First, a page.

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Murray v. Withrow

United States District Court, S.D. West Virginia, Charleston Division

September 26, 2019

Garland Murray Plaintiff,
v.
Nathan Withrow; Corporal Taylor; and Lieutenant Hill Defendants.

          MEMORANDUM OPINION AND ORDER

          JOSEPH R. GOODWIN UNITED STATES DISTRICT JUDGE

         Pending before the court is Defendants Nathan Withrow, Corporal Taylor, and Lieutenant Hill’s motion for summary judgment [ECF No. 135]. The Plaintiff, Garland Murray, filed a response [ECF No. 141], and the Defendants filed a reply [ECF No. 144]. The matter is ripe for adjudication. For the reasons stated herein, the Motion is GRANTED on all counts.

         I. Background

         This case involves the Defendants’ treatment of Mr. Garland Murray during his incarceration at Mount Olive Correctional Complex (MOCC). On or around November 20, 2017, officers sprayed Murray with oleoresin capsicum (pepper spray). Compl. ¶ 13 [ECF No. 85]. These Defendants were not engaged in the use of pepper spray. However, the aftermath of that use of force is relevant to these Defendants.

         The parties agree that after Murray was sprayed with pepper spray, officers took him to a solitary confinement cell where they left him in his wet clothing, contaminated with pepper spray. Compl. ¶ 45-47 [ECF No. 85]. His cell did not contain bedding or a mattress, and he did not receive fresh clothing, bedding or a mattress until the following day, despite numerous requests. Id. Murray alleges that Defendant Withrow punished him for requesting these items by writing him up for “compromising an employee”[1] which led to his prolonged stay in solitary confinement. Pl.’s Resp. Opp’n Def. Lilly et. al. Mot. Summ. J., Ex. D [ECF No. 140-4].

         Murray asserts several issues with the conditions of his cell. First, he contends that Defendant Withrow publicized to other inmates that he sought protective custody, thus labeling him a snitch. Def. Lilly et. al. Mot. Summ. J. Ex. 4 at 35-37 [ECF No. 131-4] (“Pl’s Dep.”). Murray claims that inmates subsequently “piled human feces outside of and under” his cell door, which the Defendants did not remove. Id. at 37; Pl.’s Resp. Opp’n Def. Lilly et. al. Mot. Summ. J., Ex. P [ECF No. 140-16]. Second, he claims that the sink in his cell was broken, resulting in unusable water. Pl.’s Resp. Opp’n Def. Lilly et. al. Mot. Summ. J., Ex. O, Ex. P [ECF No. 140-15, 16]. Thus, he claims that his only access to liquid was a small amount of milk, coffee, or juice given to him at meals, or water from his toilet. Pl’s Dep. at 39-40 [ECF No. 131- 4]. Third, he claims that Defendant Withrow dumped his food on the floor, deprived him of food, and threatened him not to make any more complaints about the conditions of the prison. Pl’s Dep. at 31 [ECF No. 131-4]; Pl.’s Resp. Opp’n Def. Lilly et. al. Mot. Summ. J., Ex. M [ECF No. 140-13].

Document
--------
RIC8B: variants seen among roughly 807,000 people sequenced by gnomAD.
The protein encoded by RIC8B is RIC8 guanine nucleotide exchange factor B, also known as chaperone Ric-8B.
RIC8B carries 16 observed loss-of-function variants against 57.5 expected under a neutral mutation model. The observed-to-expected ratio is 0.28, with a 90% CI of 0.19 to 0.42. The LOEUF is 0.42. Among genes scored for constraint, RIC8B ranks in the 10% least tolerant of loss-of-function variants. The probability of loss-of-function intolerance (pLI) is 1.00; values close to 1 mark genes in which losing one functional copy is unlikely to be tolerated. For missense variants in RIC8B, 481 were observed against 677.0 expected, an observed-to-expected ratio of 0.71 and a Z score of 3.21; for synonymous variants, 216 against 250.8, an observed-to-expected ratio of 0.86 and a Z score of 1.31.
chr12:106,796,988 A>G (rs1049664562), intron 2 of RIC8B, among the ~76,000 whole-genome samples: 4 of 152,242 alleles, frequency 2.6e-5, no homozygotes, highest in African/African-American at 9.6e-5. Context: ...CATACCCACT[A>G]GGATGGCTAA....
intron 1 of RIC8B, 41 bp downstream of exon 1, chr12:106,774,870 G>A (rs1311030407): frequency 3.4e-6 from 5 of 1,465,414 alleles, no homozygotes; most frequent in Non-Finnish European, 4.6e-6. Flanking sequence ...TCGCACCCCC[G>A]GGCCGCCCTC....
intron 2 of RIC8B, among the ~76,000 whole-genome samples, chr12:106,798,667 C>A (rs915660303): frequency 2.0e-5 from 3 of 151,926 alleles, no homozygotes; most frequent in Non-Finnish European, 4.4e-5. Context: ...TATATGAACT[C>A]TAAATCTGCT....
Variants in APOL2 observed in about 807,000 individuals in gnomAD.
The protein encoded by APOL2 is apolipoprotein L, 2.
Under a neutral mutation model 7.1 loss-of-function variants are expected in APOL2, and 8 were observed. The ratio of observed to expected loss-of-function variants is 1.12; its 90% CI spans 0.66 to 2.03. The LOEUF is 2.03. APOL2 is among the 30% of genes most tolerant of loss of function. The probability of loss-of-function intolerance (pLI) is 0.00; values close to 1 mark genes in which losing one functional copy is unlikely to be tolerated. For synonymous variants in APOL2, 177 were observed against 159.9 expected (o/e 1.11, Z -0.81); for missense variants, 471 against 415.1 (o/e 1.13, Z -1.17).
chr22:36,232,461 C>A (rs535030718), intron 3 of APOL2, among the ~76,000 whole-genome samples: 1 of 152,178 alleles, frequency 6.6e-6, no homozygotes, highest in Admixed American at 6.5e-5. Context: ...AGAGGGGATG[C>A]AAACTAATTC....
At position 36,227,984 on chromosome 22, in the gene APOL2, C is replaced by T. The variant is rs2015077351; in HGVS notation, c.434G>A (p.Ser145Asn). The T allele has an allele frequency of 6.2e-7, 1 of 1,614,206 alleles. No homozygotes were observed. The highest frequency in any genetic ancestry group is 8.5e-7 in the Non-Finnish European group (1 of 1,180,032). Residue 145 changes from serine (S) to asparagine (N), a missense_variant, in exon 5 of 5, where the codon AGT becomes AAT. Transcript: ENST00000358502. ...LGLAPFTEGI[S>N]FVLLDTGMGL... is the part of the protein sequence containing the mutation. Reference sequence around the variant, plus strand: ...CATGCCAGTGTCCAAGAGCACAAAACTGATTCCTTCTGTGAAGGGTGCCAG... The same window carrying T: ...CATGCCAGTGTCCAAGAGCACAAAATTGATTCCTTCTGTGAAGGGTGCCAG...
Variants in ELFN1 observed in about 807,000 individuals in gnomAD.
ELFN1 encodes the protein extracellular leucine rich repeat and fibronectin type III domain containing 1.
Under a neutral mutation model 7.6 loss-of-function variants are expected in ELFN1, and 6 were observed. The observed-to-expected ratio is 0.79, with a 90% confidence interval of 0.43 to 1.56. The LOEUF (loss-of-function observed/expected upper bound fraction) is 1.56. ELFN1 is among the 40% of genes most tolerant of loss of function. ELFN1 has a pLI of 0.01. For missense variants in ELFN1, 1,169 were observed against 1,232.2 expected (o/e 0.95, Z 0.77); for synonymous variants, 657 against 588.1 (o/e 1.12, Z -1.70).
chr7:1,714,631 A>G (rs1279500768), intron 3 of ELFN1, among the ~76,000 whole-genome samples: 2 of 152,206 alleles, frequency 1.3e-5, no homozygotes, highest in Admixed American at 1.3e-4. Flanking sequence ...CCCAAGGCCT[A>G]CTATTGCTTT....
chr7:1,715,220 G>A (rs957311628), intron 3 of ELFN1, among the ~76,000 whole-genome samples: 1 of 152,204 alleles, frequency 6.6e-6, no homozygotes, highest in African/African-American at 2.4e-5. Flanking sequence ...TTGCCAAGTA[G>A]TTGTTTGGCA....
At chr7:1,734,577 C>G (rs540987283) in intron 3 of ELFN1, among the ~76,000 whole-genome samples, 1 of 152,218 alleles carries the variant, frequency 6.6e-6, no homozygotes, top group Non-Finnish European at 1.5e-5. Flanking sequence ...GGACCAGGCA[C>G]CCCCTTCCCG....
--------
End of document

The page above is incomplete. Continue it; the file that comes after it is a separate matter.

The Defendants acknowledge that Murray did not receive bedding, a mattress, or clean clothes until the day after being placed in solitary confinement. Def. Lilly et. al. Mot. Summ. J., Ex. 3 at 45-48, Ex. 4 at 49-52 [ECF No. 131-3, 4]. The Defendants further acknowledge that the sink in the Plaintiff’s cell was broken. Def. Withrow et., al. Mot. Summ. J., Ex. 2 [ECF No. 135-2]. However, they contend in response to Plaintiff’s grievance, the sink was fixed within approximately two weeks. Def. Withrow et., al. Mot. Summ. J., Ex. 1, Ex. 2 [ECF No. 135-1, 2]. The Defendants deny that Defendant Withrow publicized comments about Plaintiff’s protective custody request. Def. Withrow et., al. Mot. Summ. J., 8. The Defendants further assert that Defendant Withrow did not deny the Plaintiff food, throw his food on the ground, or threaten him about making further complaints. Id.